Turkey’s wheat importers seek new origins on Russian uncertainty

2 Dec 2021 | Veronika Prykhodko

Russia, Turkey’s number one wheat supplier, has been outpriced in the market, as the country’s export tax and a potential cap on exports has supported prices across the region and forced Turkish importers to seek wheat cargoes from other origins like Argentina, Brazil, and Europe.

Two Argentinian 11.5% wheat cargoes were reported traded earlier this week, with the price rumoured at $352/mt CFR Turkey.

Trade sources reported that another South American wheat cargo traded to Turkey today, basis Brazilian origin but this time for February loading.

The details of the trade were not yet available by press time, but underscore a trend that has forced importers to look to other origins.

According to Global Trade Tracker, Argentinian exporters have shipped just 188,031 mt of wheat to Turkey between 2000-2021, while Brazilian wheat exports to Turkey stand at 197,150 mt during the same period.

But Turkish traders and flour millers have had to shift to alternative origins to source wheat as the availability of Russian wheat is increasingly ambiguous due the country’s upcoming export quota and the export tax, which is steadily increasing each week and now stands at $80.80/mt.

The high export tax and upcoming export quota, which the Russian government will set for the second half of the marketing year, has made Russian wheat uncompetitive in price and means there is a dearth of sellers for later, deferred loading dates.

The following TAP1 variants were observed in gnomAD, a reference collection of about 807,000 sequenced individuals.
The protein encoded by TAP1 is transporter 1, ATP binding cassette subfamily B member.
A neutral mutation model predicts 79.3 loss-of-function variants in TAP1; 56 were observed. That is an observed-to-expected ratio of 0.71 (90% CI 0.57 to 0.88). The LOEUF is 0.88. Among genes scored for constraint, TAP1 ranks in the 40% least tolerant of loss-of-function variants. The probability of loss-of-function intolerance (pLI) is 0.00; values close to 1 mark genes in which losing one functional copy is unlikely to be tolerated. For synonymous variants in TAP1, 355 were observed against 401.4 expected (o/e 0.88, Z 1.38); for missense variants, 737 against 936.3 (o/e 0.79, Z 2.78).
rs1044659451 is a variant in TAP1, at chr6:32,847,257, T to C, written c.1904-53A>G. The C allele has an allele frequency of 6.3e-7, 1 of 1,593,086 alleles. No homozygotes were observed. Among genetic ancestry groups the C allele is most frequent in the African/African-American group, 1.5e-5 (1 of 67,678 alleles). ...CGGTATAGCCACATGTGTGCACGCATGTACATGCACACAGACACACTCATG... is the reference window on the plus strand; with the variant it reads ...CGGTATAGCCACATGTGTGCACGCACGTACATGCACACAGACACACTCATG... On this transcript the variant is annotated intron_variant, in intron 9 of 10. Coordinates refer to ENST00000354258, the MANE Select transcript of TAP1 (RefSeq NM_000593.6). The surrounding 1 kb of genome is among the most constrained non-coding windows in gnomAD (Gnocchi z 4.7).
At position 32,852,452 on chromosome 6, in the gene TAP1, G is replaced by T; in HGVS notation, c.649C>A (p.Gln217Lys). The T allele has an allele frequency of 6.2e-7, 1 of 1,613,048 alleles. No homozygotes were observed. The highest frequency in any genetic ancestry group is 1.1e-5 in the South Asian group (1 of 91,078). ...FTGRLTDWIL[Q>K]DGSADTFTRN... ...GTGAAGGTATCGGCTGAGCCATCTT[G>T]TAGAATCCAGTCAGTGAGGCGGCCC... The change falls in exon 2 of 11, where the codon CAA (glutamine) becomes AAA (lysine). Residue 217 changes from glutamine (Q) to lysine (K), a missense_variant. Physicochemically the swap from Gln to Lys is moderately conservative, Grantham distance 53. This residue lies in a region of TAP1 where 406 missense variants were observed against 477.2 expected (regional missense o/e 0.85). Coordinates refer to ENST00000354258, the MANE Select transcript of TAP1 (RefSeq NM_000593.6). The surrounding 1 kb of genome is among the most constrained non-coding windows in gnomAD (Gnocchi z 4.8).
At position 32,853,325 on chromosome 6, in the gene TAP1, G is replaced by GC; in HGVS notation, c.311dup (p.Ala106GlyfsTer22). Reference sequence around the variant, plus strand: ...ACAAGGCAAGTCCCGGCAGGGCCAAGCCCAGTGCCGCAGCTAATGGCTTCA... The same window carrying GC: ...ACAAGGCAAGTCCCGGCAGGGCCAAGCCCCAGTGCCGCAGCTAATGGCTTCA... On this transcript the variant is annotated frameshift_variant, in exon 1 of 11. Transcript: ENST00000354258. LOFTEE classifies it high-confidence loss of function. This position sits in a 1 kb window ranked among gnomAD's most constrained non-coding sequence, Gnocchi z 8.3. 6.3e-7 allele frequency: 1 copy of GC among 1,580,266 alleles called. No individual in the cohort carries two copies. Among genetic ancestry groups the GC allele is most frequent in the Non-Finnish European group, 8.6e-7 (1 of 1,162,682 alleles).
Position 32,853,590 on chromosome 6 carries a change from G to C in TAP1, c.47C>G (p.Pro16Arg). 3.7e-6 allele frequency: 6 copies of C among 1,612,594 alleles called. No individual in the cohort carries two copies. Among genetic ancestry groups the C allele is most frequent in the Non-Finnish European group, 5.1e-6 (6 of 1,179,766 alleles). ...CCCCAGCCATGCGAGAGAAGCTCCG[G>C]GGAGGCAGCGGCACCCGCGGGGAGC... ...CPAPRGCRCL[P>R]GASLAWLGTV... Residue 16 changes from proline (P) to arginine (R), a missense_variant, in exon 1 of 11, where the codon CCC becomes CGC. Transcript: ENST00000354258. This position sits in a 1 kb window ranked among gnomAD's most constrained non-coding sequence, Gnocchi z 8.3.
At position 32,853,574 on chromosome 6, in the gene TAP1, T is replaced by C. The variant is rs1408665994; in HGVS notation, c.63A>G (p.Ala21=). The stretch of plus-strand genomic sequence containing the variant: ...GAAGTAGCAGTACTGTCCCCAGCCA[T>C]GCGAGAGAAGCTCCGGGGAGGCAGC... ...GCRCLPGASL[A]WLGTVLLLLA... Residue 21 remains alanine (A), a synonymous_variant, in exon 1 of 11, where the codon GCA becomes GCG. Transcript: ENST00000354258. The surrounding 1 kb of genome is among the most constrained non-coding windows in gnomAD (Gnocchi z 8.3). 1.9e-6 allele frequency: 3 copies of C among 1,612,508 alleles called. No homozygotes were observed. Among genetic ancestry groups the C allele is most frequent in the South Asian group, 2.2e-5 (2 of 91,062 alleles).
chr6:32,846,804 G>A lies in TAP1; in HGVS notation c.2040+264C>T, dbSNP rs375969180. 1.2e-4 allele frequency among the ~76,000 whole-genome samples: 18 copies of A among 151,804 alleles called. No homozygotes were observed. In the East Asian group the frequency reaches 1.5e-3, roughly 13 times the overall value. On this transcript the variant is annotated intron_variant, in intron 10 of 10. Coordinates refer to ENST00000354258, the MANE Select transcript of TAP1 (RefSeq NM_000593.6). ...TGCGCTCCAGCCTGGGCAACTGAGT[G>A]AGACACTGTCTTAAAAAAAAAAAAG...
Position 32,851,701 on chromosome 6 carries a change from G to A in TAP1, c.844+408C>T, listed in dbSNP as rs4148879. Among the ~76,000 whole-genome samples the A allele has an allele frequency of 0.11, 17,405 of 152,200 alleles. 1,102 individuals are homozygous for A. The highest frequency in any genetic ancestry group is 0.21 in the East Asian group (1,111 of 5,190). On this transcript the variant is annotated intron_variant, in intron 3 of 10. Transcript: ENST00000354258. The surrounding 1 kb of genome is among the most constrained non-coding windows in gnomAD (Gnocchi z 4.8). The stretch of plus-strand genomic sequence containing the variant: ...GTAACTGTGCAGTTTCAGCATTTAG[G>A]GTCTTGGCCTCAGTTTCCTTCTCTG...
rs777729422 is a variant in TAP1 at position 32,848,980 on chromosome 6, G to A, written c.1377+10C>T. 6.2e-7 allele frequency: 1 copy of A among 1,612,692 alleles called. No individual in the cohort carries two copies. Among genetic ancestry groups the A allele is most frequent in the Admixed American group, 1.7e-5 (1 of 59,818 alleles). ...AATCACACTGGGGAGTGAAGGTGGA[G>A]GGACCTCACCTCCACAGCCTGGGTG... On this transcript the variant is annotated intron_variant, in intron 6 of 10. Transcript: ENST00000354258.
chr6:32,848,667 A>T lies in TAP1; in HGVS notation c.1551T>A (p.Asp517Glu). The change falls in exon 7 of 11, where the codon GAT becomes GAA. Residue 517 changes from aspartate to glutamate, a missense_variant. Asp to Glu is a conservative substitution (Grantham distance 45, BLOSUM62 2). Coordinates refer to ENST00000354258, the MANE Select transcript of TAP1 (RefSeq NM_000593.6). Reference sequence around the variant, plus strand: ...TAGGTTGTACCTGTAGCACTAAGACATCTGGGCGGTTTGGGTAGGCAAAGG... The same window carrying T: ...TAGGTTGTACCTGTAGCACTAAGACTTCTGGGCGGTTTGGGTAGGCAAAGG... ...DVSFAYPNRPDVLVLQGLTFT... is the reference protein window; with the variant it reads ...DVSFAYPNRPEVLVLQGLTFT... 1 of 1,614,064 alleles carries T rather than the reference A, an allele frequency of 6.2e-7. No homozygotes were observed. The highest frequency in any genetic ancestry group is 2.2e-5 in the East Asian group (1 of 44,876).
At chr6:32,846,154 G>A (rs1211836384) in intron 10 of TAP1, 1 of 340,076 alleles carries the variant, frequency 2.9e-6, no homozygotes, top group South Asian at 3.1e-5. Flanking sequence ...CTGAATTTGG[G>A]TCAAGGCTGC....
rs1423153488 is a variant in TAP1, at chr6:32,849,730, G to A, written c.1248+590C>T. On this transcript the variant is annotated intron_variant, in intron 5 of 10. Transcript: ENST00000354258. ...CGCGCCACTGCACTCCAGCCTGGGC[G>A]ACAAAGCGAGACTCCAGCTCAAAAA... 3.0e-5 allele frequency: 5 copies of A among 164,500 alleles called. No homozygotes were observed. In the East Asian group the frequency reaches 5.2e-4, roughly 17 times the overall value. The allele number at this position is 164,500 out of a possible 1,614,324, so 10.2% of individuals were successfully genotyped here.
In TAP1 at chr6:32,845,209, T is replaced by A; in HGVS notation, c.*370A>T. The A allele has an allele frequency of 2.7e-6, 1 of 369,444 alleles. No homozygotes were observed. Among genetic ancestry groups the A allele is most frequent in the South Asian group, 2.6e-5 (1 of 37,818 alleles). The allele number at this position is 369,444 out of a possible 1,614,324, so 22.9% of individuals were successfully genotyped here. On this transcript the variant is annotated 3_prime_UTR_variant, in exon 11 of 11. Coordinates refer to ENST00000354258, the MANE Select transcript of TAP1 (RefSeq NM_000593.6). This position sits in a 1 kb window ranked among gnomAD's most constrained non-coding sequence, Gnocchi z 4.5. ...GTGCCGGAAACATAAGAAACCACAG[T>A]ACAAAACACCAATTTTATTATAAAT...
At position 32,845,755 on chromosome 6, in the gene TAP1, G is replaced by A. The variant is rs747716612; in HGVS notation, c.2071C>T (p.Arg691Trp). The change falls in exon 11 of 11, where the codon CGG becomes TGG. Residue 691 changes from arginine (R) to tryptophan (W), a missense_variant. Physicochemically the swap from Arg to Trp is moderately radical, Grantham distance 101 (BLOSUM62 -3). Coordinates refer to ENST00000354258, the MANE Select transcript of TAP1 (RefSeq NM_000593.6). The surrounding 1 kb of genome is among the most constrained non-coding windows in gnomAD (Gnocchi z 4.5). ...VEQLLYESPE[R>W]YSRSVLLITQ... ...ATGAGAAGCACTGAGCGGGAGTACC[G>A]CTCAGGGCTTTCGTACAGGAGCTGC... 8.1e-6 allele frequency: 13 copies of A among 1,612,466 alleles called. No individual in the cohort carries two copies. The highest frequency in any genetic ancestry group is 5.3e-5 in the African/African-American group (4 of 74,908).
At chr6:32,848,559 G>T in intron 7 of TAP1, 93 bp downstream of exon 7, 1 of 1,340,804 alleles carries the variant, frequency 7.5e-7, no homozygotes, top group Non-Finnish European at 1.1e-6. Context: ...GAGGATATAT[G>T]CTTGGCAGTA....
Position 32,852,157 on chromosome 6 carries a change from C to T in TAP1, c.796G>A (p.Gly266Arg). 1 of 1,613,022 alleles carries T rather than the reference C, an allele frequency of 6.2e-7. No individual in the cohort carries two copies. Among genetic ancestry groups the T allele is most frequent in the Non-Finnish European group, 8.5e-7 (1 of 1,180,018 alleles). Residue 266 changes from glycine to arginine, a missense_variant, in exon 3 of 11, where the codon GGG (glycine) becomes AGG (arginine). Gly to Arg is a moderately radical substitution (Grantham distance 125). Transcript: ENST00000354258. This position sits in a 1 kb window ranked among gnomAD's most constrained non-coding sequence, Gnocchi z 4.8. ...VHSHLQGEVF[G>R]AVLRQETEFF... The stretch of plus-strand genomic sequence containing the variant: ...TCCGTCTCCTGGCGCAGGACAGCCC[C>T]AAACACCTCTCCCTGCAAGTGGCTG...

Currently, the only offers heard in the market are for spot loading positions only, effectively for December loading only.

According to the Agricensus Export Dashboard, Russia supplied 7.72 million mt of wheat to Turkey in 2020, accounting for 75% of total imports, with 5.1 million mt exported between January and September of 2021.

Europe, the second-biggest wheat supplier to Turkey, with 1.33 million mt shipped in 2020, has been an alternative origin for high protein wheat, that is often sourced for tenders issued by the Turkish Grain Board (TMO) from Germany, Poland, Lithuania and Latvia.

With European 11.5% and 12.5% wheat cargoes uncompetitive in price for Turkey, despite the freight advantage over South America, wheat with 14% protein content is now being actively negotiated for February loading from Baltic ports for TMO backing.

The offers were reported at a €17/mt premium over the March Euronext wheat contract, while bids were heard at €14/mt over March.